To summarize, we can say this: In an unlimited system of government, a particular branch has almost total control of the state, but no one component of the state is ever unchecked by that one component. While in a limited system of government, despite the fact that checks and balances exist, the individual branches are pretty much left to aggregate power on their own, unchecked. This power will usually fall on the branch of government that appears to have the clearest mandate from the electorate, whether that electorate is the people or a junta of military leaders or a King.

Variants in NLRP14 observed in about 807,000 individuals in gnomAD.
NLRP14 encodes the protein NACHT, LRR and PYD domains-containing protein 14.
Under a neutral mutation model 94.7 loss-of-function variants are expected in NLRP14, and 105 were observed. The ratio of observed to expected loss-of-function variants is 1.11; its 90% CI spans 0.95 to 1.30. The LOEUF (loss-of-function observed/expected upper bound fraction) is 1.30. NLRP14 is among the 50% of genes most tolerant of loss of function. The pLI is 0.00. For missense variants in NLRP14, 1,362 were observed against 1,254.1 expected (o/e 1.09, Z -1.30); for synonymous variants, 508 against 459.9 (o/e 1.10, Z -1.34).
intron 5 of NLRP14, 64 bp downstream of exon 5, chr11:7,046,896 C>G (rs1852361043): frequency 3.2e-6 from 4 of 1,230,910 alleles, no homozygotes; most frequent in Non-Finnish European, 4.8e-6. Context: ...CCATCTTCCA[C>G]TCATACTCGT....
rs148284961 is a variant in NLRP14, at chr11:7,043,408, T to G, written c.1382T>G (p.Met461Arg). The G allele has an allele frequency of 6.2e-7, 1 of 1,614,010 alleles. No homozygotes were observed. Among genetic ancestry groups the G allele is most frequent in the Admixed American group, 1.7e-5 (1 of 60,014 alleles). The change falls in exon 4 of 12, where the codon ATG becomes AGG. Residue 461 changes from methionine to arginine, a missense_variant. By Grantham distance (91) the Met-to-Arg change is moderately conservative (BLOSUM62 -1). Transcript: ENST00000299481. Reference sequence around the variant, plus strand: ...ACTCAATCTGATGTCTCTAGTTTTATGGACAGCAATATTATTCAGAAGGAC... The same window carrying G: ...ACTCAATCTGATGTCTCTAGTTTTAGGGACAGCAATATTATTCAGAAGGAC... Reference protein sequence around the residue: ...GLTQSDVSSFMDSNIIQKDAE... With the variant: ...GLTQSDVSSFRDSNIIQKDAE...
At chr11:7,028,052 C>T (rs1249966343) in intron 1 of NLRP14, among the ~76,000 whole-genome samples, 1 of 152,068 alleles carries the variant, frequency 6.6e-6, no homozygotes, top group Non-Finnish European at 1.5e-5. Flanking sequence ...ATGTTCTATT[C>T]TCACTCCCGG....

That is ultimately the source of this, and almost every, conflict that has occurred as a result of an expansive or "imperial" Presidency in the United States. Contrary to the arguments which one can read in the Federalist Papers, the Presidency is actually a sort of German  monarchy, limited in its ability to enact its agenda by certain Constitutional forms, but ultimately holding the position of supremacy over the government. In fact, one might argue that, although the Federalists were politically motivated to argue that separation of powers would lead to real checks on the various branches, many of them, especially Hamilton, already saw that the state which they had created would be led by a single, powerful (and unelected) President with powers that were limited only by formal procedures. Certainly Hamilton had no great love for democracy.